Do clinical decision-support reminders for medical providers improve isoniazid preventative therapy prescription rates among HIV-positive adults? Study protocol for a randomized controlled trial

Eric P. Green, Caricia Catalani, Lameck Diero, E. Jane Carter, Adrian Gardner, Charity Ndwiga, Aggrey Keny, Philip Owiti, Dennis Israelski, Paul Biondich

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Background: This document describes a research protocol for a study designed to estimate the impact of implementing a reminder system for medical providers on the use of isoniazid preventative therapy (IPT) for adults living with HIV in western Kenya. People living with HIV have a 5% to 10% annual risk of developing active tuberculosis (TB) once infected with TB bacilli, compared to a 5% lifetime risk in HIV-negative people with latent TB infection. Moreover, people living with HIV have a 20-fold higher risk of dying from TB. A growing body of literature suggests that IPT reduces overall TB incidence and is therefore of considerable benefit to patients and the larger community. However, in 2009, of the estimated 33 million people living with HIV, only 1.7 million (5%) were screened for TB, and about 85,000 (0.2%) were offered IPT. Methods/Design: This study will examine the use of clinical decision-support reminders to improve rates of initiation of preventative treatment in a TB/HIV co-morbid population living in a TB endemic area. This will be a pragmatic, parallel-group, cluster-randomized superiority trial with a 1:1 allocation to treatment ratio. For the trial, 20 public medical facilities that use clinical summary sheets generated from an electronic medical records system will participate as clusters. All HIV-positive adult patients who complete an initial encounter at a study cluster and at least one return encounter during the study period will be included in the study cohort. The primary endpoint will be IPT prescription at 3 months post the initial encounter. We will conduct both individual-level and cluster-level analyses. Due to the nature of the intervention, the trial will not be blinded. This study will contribute to the growing evidence base for the use of electronic health interventions in low-resource settings to promote high-quality clinical care, health system optimization and positive patient outcomes.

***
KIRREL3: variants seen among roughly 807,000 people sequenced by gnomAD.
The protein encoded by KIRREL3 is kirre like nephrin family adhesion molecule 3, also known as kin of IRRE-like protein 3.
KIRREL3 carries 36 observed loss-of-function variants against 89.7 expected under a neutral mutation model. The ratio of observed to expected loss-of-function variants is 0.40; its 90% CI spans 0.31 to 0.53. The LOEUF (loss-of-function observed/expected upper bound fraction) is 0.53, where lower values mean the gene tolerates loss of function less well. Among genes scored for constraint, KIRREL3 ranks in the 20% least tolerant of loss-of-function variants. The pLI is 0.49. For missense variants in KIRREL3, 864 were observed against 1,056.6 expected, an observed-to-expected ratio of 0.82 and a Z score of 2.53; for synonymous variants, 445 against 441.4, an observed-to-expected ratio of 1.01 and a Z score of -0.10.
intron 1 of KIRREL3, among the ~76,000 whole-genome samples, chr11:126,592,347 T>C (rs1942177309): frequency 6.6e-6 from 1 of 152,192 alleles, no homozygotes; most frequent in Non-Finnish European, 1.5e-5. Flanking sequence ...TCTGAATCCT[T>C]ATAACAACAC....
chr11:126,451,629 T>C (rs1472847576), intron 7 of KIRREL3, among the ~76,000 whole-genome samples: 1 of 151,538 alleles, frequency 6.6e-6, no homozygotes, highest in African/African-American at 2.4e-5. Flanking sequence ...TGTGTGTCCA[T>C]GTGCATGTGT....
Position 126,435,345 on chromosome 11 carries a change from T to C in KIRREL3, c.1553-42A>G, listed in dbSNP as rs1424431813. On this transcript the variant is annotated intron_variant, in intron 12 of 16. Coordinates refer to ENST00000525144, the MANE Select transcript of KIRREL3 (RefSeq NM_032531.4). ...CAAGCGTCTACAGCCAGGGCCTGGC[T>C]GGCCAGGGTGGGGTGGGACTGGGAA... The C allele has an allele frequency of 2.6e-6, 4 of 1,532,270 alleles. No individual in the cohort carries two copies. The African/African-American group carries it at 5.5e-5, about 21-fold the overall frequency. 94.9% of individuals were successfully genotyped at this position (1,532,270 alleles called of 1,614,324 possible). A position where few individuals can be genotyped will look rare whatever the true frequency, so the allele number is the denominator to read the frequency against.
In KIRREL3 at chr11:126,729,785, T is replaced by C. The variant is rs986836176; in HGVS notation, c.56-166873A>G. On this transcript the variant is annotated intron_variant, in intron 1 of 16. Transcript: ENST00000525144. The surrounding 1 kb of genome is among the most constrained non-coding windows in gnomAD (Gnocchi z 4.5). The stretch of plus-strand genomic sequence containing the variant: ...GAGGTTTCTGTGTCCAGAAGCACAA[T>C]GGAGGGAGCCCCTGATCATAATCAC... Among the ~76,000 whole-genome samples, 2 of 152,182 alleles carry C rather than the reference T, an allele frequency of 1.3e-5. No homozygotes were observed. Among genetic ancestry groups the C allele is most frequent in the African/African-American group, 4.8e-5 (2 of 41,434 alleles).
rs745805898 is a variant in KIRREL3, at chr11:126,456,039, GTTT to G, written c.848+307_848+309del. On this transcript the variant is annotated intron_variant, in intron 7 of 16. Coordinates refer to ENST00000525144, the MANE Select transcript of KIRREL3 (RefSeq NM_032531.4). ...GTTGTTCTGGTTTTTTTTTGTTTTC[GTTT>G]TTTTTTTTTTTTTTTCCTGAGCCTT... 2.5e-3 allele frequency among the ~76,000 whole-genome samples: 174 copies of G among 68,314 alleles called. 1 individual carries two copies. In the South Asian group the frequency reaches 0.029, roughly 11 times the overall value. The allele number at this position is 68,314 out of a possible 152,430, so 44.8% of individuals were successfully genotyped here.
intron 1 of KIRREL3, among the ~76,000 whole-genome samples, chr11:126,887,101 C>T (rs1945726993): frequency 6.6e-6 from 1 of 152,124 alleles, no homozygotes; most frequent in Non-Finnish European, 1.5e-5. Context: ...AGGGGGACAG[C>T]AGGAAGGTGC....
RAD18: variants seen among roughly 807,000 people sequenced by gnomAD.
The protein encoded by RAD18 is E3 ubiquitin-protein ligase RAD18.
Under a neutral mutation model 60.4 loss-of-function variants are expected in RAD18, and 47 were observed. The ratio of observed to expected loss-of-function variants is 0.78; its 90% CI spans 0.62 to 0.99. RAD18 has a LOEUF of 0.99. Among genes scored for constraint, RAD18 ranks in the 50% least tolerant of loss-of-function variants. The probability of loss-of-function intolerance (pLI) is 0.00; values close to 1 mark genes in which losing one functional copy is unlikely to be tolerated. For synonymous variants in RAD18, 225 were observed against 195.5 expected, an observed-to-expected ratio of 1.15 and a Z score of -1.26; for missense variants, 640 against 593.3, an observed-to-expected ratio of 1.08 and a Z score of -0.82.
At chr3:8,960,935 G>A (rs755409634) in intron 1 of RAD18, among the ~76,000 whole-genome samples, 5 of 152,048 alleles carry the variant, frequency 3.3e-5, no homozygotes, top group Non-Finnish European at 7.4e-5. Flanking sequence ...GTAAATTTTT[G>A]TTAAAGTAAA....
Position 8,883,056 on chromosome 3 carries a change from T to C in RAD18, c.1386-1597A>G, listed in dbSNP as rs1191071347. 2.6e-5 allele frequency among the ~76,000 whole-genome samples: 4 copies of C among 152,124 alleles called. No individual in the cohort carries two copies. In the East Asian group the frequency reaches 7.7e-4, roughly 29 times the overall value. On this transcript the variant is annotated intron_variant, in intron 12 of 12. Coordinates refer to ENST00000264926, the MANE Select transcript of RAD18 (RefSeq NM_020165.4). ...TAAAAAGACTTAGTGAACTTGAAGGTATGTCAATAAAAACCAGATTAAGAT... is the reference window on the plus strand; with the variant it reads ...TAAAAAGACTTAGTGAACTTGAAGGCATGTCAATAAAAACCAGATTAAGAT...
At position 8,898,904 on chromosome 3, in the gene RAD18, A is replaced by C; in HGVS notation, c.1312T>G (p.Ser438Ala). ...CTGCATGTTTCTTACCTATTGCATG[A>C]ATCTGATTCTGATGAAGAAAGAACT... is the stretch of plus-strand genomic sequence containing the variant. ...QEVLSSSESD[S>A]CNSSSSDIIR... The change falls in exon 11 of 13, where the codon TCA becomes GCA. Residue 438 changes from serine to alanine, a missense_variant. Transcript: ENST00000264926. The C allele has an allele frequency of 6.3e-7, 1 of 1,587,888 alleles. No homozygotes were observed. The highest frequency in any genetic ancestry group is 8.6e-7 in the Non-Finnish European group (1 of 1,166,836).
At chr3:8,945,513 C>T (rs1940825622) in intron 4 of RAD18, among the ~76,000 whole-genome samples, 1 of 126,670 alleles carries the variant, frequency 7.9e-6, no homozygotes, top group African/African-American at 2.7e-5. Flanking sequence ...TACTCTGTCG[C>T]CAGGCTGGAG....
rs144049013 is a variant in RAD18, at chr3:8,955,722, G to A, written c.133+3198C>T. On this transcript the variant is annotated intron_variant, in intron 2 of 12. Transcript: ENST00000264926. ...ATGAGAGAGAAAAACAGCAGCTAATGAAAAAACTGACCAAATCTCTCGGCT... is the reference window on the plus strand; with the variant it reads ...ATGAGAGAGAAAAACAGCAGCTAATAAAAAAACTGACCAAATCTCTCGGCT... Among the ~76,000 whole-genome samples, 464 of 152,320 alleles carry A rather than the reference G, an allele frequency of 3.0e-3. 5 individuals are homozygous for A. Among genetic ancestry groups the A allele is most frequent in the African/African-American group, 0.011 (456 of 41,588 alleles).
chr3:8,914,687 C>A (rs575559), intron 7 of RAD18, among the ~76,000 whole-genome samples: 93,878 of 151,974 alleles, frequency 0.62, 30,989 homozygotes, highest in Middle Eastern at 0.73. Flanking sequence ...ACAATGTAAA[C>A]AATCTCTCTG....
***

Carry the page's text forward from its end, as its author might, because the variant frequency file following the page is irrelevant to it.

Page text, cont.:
Original languageEnglish (US)
Article number141
Issue number1
StatePublished - Apr 9 2015



  • Clinical decision support
  • Electronic medical record
  • HIV
  • Isoniazid
  • Kenya
  • Tuberculosis
  • eHealth

ASJC Scopus subject areas

  • Medicine (miscellaneous)
  • Pharmacology (medical)

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